Kelvin Melton, the 51-year-old high-ranking gang member accused of orchestrating the kidnapping of a Wake County prosecutor’s father in 2014, was convicted Tuesday of conspiring with others from inside his prison cell to carry out the crime.
A jury of seven men and five women deliberated Monday afternoon and Tuesday morning until about 11:30 a.m. before announcing its verdict. Melton, who will be sentenced in September, showed no emotion as U.S. District Judge James C. Dever III read the decision.
Melton was convicted of being the mastermind of the kidnapping of Frank Janssen, the father of Wake County assistant district attorney Colleen Janssen. Frank Janssen testified during the two-week trial that he continues to suffer from emotional and physical injuries related to his abduction in April 2014 from his home in Wake Forest.
Melton, according to prosecutors, coordinated a multi-state scheme in which gang members that he presided over drove from Atlanta to Wake Forest to exact revenge on the Wake prosecutor who tried the case that resulted in his being declared a violent habitual felon – a designation that brought him a life prison sentence.
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Melton faces a possible life sentence in federal court. He remains sentenced to life in prison in state court, too. He was convicted of kidnapping, conspiracy to commit kidnapping, attempted kidnapping and a firearms charge related to conspiracy.
“The crime involved in this trial was monstrously cruel to the victim and to his family, and of course, that family included a dedicated public servant who was being targeted for her public service,” Acting U.S. Attorney John Stuart Bruce told a group of reporters after the verdict.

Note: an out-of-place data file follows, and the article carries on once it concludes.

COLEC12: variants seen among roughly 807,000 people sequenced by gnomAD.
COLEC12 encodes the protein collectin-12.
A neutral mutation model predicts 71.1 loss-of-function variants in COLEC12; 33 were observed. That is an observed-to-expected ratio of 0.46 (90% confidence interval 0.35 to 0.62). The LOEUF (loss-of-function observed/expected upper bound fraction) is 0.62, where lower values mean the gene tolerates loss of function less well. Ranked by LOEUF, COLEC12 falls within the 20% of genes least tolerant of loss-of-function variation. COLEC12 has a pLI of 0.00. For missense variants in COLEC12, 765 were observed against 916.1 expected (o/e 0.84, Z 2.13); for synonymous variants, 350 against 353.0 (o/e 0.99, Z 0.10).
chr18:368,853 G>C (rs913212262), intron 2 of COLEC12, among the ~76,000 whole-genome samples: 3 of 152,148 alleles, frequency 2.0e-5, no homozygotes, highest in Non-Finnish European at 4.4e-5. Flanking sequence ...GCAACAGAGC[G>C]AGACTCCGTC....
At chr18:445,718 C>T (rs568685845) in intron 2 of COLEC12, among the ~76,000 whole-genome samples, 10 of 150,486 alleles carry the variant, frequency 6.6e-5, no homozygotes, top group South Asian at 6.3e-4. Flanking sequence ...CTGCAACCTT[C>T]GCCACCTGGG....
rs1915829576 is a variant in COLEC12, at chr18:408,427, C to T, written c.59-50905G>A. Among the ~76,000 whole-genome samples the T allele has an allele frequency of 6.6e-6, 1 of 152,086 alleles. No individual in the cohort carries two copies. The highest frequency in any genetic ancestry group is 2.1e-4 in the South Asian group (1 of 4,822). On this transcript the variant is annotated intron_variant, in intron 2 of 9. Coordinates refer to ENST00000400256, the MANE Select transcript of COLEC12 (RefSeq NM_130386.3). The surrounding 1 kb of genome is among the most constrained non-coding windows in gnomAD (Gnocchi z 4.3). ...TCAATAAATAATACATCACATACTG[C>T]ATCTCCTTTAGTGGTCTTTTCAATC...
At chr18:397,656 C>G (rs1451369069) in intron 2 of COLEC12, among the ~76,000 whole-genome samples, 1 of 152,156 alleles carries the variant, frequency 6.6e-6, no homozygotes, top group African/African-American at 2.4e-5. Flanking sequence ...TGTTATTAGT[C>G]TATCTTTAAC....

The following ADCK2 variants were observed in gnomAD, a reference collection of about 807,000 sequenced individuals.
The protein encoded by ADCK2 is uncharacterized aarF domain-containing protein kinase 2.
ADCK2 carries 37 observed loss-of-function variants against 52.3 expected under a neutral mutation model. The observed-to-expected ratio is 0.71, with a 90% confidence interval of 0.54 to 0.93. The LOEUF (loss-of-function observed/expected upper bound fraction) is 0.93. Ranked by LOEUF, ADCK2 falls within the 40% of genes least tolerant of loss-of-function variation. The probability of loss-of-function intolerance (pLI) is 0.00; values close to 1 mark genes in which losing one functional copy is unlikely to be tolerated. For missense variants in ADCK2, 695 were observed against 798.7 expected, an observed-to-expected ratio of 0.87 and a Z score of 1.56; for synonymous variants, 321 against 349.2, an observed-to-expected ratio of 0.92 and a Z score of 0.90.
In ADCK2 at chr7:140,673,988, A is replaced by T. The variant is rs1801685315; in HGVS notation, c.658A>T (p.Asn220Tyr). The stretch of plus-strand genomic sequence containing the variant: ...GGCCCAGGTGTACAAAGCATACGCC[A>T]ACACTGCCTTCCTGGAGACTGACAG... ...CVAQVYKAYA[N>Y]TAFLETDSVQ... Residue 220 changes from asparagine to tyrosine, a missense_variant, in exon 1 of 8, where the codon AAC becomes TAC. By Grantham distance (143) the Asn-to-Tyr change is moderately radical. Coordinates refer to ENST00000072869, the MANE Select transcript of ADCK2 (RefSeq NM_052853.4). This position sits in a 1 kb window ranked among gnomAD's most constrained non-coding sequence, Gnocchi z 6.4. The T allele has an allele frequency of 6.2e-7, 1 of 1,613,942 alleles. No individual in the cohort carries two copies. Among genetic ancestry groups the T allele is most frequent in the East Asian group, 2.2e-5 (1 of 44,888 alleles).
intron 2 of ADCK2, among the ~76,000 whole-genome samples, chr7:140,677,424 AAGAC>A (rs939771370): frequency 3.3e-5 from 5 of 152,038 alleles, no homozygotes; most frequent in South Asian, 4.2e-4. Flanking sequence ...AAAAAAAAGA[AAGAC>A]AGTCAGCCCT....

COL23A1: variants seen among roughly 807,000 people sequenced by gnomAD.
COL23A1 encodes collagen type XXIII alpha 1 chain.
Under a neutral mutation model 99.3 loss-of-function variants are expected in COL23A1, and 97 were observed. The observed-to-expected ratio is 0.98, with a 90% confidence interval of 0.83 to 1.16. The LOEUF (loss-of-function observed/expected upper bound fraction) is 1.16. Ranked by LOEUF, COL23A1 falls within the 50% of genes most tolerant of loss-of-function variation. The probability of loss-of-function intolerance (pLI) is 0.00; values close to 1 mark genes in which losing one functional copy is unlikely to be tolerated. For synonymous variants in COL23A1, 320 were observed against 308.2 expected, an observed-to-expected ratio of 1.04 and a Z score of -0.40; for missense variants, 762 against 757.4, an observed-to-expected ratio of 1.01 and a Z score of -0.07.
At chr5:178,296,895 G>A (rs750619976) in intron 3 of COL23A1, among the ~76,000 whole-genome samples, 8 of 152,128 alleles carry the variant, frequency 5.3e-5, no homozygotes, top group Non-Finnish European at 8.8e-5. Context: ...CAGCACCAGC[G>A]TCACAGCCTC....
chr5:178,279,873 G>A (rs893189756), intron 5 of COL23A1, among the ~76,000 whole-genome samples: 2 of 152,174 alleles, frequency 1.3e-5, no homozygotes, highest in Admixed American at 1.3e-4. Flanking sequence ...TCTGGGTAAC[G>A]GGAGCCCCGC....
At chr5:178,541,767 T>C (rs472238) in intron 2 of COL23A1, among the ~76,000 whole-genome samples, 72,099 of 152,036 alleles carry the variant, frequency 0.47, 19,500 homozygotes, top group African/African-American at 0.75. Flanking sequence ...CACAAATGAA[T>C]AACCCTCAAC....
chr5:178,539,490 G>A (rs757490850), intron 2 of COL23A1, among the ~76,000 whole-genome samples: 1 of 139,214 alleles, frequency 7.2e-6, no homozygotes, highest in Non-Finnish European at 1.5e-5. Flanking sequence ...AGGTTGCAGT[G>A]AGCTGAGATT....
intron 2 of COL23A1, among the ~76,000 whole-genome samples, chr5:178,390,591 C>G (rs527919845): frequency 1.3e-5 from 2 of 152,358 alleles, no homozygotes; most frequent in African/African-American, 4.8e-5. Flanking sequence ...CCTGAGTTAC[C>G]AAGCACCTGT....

Melton, a leader in the United Bloods Nation gang, testified in his defense on Friday, at the end of the trial. He denied having a role in what he described as a “stupid” scheme. His defense team contended in closing arguments that many of the key prosecution witnesses, who also had been accused in the crime, had offered a narrative that fit the government’s theory to get lighter sentences.
Gerald Beaver and Laura Beaver, the father-daughter defense team from Fayetteville and Raleigh, thanked jurors for their time after the verdict, but they continued to question the testimony of key witnesses who had much to benefit by telling prosecutors what they wanted to hear.
“There’s a quote that says, ‘People in this system are taught not only to sing, but to compose,’” Laura Beaver told reporters.
Frank Janssen was taken from his home on April 5, 2014, and driven to an apartment in Atlanta by his abductors. He was tied to a chair and held in a closet while Janssen’s family and federal agents began a multi-state search for him, using wire taps to monitor texts and phone calls. Prosecutors contend Melton gave instructions from inside prison throughout the scheme, sending more than 120 texts and calling his underlings on speaker phone before and after the kidnapping.
A team of federal agents rescued Janssen on April 9, 2014. He was reunited with his family a day later.
The case has given a glimpse of how street gangs work, as well as how money can flow from members outside prison walls to incarcerated leaders. The trial also has highlighted the prevalence of contraband phones inside state prisons and put a focus on corrupt guards who help smuggle them to inmates.
On Tuesday, Bruce said cellphones were illegally smuggled into federal prisons, too.
“Cellphones are a problem in all prison systems, a big problem,” Bruce sad. “We’re working to address it, and so is the state of North Carolina.”